October Squares | Day Thirty-One

This is the last in the month that Becky (the Queen of Squares) has challenged us to find lines. In Squares naturally. I’m finishing with several poignant lines that I hope you will like.

Visiting time

October Squares | Day 31

Many thanks Becky for hosting yet another wonderful and inspiring challenge: you always get me to see the world around me differently. A review of this month’s squares will appear in a couple of days – meanwhile I hope you have a well deserved rest!

The words in this poem have been selected using a technique known as Erasure. I’ll let Cathy (~wander.essence~) explain it.

This type of Found Poem is known as Erasure, where you choose a source and erase away most of the “text” and leave words and/or phrases and/or sentences so that what’s left says something very different from what the original writing said and is art.  The end result should be something different from what the original text said.

Mine came from a page in a novel I was recently reading and I just thought I’d give it a go. The end result is not so different than the original text, but these words caught my imagination. I’ll leave it to you, the reader, to form your own story.

~wander.essence~ poetry

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I have lived in the UK for most of my life, but when young I definitely had wanderlust and even ended up living in South Africa for several years which was a wonderful experience. I now look forward to a long and leisurely retirement doing what I like most - gardening, photography, walking and travelling.

17 thoughts on “October Squares | Day Thirty-One”

    1. Thank you Margaret for visiting my blog and your lovely comments, they are much appreciated. The ‘erasure’ poem is fun. I shall try it again.

  1. Nice, Jude! I love this erasure poem and I’m glad you had fun with it and will try it again. I think they’re fun too. I love the sigh, the words of poetry dissolving, the frail voice of the mother, the signal of the end. I don’t know what the original text was; you say the meaning is not that much different. I find it is hard to find a totally different meaning myself; sometimes I feel I’m just condensing what the author said! But I love this, and I’m so glad you decided to try it. I’ll link it to my poetic journey of tomorrow, which I’m still frantically working on! 🙂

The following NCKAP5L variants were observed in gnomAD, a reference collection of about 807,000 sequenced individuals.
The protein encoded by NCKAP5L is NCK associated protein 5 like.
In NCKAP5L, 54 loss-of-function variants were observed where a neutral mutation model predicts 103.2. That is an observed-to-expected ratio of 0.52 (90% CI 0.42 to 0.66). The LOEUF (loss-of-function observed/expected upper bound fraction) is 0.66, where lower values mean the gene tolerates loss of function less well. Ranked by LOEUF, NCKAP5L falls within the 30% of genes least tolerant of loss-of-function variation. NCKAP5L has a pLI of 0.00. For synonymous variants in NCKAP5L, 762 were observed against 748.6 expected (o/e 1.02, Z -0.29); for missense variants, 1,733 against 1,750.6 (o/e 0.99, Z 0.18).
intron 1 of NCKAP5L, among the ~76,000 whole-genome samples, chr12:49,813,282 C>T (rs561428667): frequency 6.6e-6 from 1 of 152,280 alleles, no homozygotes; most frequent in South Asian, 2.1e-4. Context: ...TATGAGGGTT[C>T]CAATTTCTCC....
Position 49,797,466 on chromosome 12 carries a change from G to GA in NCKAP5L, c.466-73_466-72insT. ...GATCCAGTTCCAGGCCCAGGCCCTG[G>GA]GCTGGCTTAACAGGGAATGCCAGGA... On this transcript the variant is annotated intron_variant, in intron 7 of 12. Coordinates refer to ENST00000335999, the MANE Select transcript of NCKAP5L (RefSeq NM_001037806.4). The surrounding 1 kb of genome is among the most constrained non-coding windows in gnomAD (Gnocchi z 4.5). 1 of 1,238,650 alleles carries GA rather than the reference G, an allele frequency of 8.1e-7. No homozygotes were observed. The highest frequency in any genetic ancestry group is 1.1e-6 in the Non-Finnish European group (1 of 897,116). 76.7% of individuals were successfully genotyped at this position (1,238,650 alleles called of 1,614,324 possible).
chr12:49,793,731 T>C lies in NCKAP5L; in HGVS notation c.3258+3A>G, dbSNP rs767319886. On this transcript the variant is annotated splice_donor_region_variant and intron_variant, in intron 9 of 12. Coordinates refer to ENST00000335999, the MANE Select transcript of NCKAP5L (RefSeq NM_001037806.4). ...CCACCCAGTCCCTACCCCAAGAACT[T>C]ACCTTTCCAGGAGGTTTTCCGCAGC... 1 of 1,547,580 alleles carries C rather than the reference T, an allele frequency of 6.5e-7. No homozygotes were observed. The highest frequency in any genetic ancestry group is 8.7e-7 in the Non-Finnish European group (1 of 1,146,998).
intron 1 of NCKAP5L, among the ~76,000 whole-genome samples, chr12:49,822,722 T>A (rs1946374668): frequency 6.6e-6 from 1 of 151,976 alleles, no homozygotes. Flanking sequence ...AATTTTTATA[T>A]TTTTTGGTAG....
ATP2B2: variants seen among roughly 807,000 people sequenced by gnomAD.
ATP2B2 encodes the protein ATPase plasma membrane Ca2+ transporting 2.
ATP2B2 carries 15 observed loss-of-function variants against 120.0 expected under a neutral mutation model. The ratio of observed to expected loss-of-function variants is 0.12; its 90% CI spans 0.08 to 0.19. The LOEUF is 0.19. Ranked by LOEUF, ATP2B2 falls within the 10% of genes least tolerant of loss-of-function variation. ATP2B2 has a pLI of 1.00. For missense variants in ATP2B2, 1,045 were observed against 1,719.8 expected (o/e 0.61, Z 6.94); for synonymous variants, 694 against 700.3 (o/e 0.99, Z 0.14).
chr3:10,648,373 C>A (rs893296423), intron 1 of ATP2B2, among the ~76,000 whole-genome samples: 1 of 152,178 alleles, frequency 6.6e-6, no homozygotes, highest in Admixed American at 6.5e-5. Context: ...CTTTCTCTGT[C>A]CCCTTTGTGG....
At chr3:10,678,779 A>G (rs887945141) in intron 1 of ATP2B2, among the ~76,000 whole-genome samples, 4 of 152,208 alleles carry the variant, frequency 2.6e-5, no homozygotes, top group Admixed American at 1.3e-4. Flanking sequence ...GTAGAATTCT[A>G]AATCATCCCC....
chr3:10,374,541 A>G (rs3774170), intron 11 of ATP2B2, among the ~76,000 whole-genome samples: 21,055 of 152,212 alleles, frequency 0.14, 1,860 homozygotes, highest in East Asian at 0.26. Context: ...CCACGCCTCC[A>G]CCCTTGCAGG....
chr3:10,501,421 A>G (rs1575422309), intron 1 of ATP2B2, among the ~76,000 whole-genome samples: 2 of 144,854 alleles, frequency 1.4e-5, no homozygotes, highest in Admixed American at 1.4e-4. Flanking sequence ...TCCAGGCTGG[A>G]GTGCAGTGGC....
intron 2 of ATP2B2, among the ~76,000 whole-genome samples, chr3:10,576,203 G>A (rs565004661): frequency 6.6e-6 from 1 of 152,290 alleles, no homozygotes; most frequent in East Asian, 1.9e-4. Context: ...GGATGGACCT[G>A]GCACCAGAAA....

1. Yes, this felt like I had condensed the original, but I loved the way these words flowed and even rhymed. And the bell signalling the end could have meant the end of the visit or the end of a life or simply the end of the poem. I shall certainly try again.

      1. Yes, I like the different meanings that one can read in those last lines – I wondered what the meaning was, but either way, the ending seemed sad. I like leaving interpretation open. 🙂

  2. I hadn’t heard of erasure poems, but I liked reading this linear one. Did you know how it was going to end or did it surprise you too?

    1. It was good fun trying this out, the words I chose seemed to choose themselves. And of course I have been through many visiting times during the last 5 months…

  3. This is amazing Jude. So touching and so coherent. I would not have thought erasure could produce something so good. You’ve inspired me to go off and try it. I don’t expect results of this stature!!!

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